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Budesonide vs Albuterol

Budesonide vs Albuterol For Asthma – Uses & Side Effects:


Asthma is a chronic inflammatory disease that is characterized by reversible airway obstruction in response to various stimuli.

It is a very common disease in the US, where more than 30 million people are affected. A third of these are children.

Risk Factors

Risk factors for asthma include a person’s genetics, various infections, development and growth of the immune system and lungs, and exposure to the environment.


The most common symptoms of asthma are:

  • coughing – it may be more common at night;
  • tightness in the chest;
  • wheezing – making a noise like a whistle when you breathe out;
  • shortness of breath.

Note – it is vital to recognize these signs and symptoms and talk to your healthcare professional so you can be symptom-free and healthy.

When asthma symptoms become severe, you will be unable to perform your regular activities. Severe symptoms include:

  • blue fingernails or lips;
  • severe wheezing (both when breathing in and out);
  • sweaty face;
  • feelings of panic or anxiety;
  • inability to fully exhale;
  • difficulty talking;
  • chest pain or pressure;
  • inability to catch your breath;
  • very rapid breathing;
  • coughing, which won’t stop.

Asthma Attacks

Asthma can occasionally get worse for a short time – this is known as an asthma attack.

During an asthma attack, the bronchi constrict, and this makes it extremely difficult to breathe.

An asthma attack may be minor, with symptoms that get better with prompt home treatment, or it may be more serious.

Signs of a severe asthma attack include:

  • fainting;
  • blue lips or fingers;
  • exhaustion or dizziness;
  • confusion;
  • drowsiness;
  • a fast heartbeat;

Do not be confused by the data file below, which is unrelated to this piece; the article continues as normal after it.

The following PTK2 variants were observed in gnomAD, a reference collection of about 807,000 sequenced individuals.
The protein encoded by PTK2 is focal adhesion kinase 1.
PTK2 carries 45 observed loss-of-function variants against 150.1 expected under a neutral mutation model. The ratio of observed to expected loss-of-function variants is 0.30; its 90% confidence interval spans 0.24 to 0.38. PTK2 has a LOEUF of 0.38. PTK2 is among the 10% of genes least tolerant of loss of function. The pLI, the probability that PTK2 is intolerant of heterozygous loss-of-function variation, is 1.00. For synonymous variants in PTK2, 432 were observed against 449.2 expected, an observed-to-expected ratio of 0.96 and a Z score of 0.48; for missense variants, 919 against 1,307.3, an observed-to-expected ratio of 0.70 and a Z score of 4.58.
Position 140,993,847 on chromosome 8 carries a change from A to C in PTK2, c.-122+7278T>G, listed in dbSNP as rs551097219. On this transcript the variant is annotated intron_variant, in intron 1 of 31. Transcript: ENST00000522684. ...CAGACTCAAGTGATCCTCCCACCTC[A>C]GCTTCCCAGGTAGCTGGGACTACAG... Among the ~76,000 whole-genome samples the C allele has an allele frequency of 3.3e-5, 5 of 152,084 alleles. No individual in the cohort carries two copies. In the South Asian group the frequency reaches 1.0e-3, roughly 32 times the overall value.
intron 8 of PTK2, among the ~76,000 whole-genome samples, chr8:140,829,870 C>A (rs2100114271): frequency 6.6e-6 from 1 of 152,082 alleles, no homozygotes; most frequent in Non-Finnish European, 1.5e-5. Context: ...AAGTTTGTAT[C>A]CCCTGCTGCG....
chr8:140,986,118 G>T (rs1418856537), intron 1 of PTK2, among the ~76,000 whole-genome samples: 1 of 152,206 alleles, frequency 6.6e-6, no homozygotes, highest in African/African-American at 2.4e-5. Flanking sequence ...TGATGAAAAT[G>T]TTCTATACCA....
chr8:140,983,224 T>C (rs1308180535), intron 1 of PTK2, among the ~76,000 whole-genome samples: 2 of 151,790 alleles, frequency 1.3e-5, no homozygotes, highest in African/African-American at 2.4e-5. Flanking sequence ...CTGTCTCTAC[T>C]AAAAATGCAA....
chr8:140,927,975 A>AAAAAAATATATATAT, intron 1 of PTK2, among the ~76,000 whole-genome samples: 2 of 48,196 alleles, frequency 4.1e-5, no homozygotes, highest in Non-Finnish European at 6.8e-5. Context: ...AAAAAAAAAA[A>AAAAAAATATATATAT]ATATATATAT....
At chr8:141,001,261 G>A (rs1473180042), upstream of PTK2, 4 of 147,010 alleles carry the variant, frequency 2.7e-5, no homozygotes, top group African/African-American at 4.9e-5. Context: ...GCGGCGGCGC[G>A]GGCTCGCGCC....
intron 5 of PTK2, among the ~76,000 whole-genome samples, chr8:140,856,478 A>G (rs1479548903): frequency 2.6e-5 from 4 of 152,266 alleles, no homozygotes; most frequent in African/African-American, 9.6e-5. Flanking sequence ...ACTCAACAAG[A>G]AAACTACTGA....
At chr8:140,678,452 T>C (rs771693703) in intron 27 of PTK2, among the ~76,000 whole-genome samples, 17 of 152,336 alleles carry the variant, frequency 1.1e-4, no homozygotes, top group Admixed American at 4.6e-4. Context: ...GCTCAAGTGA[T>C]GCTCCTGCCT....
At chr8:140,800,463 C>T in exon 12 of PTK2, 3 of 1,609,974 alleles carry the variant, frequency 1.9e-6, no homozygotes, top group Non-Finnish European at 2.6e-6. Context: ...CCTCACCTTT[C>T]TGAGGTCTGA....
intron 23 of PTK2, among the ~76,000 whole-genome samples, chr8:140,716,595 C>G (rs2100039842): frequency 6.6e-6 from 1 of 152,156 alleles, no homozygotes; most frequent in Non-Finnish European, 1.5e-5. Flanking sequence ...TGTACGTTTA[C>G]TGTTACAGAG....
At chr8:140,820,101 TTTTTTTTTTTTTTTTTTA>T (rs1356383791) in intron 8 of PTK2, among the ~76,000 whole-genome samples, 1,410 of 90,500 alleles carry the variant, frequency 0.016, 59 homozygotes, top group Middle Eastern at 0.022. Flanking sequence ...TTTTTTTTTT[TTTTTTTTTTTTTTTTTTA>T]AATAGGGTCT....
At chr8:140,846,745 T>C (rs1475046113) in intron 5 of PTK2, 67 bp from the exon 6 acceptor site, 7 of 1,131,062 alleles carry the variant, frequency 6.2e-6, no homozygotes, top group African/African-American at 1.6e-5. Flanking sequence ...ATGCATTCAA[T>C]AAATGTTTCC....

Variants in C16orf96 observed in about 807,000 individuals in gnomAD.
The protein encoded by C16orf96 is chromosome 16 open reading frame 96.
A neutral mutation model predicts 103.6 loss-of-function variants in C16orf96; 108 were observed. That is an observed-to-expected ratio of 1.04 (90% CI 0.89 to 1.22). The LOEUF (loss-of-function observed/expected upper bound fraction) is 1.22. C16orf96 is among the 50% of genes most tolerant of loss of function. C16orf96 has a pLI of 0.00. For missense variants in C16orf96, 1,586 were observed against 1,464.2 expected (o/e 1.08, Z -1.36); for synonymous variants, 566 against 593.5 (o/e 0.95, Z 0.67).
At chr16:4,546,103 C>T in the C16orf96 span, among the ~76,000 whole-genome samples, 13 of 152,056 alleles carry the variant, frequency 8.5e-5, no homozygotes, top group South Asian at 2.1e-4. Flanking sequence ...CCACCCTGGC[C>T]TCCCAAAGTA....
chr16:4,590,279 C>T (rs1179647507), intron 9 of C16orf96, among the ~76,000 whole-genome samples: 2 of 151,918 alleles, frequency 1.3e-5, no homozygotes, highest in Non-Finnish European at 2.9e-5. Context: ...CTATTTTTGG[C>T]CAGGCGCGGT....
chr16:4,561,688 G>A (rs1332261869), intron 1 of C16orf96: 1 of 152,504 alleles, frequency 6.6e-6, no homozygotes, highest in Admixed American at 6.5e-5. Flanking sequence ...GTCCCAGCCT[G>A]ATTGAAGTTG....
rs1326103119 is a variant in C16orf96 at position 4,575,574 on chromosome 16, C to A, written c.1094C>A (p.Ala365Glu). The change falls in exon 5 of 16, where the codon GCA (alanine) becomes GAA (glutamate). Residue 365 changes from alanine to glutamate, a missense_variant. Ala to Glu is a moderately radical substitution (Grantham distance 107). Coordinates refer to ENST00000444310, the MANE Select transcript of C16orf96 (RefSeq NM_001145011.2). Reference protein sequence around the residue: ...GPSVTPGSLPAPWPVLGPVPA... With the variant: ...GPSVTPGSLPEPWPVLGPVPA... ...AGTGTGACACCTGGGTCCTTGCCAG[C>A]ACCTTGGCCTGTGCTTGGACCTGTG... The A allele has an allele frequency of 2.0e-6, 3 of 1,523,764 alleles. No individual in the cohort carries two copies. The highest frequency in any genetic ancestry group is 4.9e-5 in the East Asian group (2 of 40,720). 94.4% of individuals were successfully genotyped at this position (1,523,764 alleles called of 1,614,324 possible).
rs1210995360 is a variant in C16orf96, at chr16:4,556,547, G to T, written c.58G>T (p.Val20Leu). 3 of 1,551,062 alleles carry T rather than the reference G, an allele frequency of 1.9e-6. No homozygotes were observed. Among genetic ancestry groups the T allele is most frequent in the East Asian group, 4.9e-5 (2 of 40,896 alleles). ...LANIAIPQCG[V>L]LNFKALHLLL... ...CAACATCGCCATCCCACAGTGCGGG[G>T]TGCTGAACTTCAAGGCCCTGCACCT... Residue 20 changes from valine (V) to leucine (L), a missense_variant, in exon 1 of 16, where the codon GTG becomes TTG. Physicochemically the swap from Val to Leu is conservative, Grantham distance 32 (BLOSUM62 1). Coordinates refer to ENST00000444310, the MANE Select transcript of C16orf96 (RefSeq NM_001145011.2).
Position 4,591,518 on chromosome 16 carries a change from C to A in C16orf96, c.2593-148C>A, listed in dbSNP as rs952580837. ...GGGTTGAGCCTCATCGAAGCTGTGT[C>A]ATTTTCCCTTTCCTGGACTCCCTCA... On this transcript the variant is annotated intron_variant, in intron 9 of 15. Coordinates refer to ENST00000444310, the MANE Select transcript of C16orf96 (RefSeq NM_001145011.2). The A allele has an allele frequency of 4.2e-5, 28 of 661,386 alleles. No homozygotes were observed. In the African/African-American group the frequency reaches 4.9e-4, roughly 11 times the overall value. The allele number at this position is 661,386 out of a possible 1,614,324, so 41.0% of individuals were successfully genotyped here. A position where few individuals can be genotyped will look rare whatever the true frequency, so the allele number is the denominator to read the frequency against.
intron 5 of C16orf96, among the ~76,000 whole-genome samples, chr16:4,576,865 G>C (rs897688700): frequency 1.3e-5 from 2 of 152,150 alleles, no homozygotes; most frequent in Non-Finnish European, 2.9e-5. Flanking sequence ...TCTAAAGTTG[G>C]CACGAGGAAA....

• breathing faster;
  • being too breathless to speak or eat;
  • chest tightness becoming severe and constant.

What causes an asthma attack?

Many factors and activities can cause asthma symptoms, including:

  • fragrances;
  • tobacco smoke;
  • bad weather;
  • pet hair or dander;
  • acid reflux;
  • dust;
  • sinus infections and allergies;
  • pollen;
  • smoke from burning wood;
  • cockroaches;
  • pollution;
  • mold.


Asthma is an incurable illness. But, with good management and treatment, there is no reason why an individual with asthma cannot live a normal life.

A typical patient with asthma may take a preventer inhaler every day and use a reliever inhaler when required.

Here is a comparison of two medications for asthma:


This medication belongs to a family of drugs known as corticosteroids.

It works by preventing inflammation in the lungs, which makes the asthma attack less severe.


It is a bronchodilator, meaning that it is used to relax the bronchial tubes in the lungs. It belongs to a class of drugs called beta-agonists.

This medication comes as an aerosol or powder to inhale by mouth using an inhaler and as a solution to inhale by mouth using a special jet nebulizer.

Note – albuterol is only available as the brand-name drugs Ventolin HFA, ProAir HFA, and Proventil HFA. Its generic form is not available.


Budesonide inhalation is used to prevent asthma attacks in adults and children who are at least 6 years old.

Note – it will not relieve an asthma attack that has already started.

Albuterol is used to relieve bronchospasms in conditions such as bronchospasm, asthma, and other obstructive pulmonary diseases. It is for use in adults and children who are at least 4 years old.

Mechanism of Action

Budesonide inhalation works by decreasing swelling and irritation in the airways to allow for easier breathing.

Albuterol works by stimulating little receptors in the lungs, which help open up the bronchial tubes so air can move freely.

Side Effects


The most common adverse events include:

  • nosebleed;
  • sneezing;
  • loss of appetite;
  • runny or stuffy nose;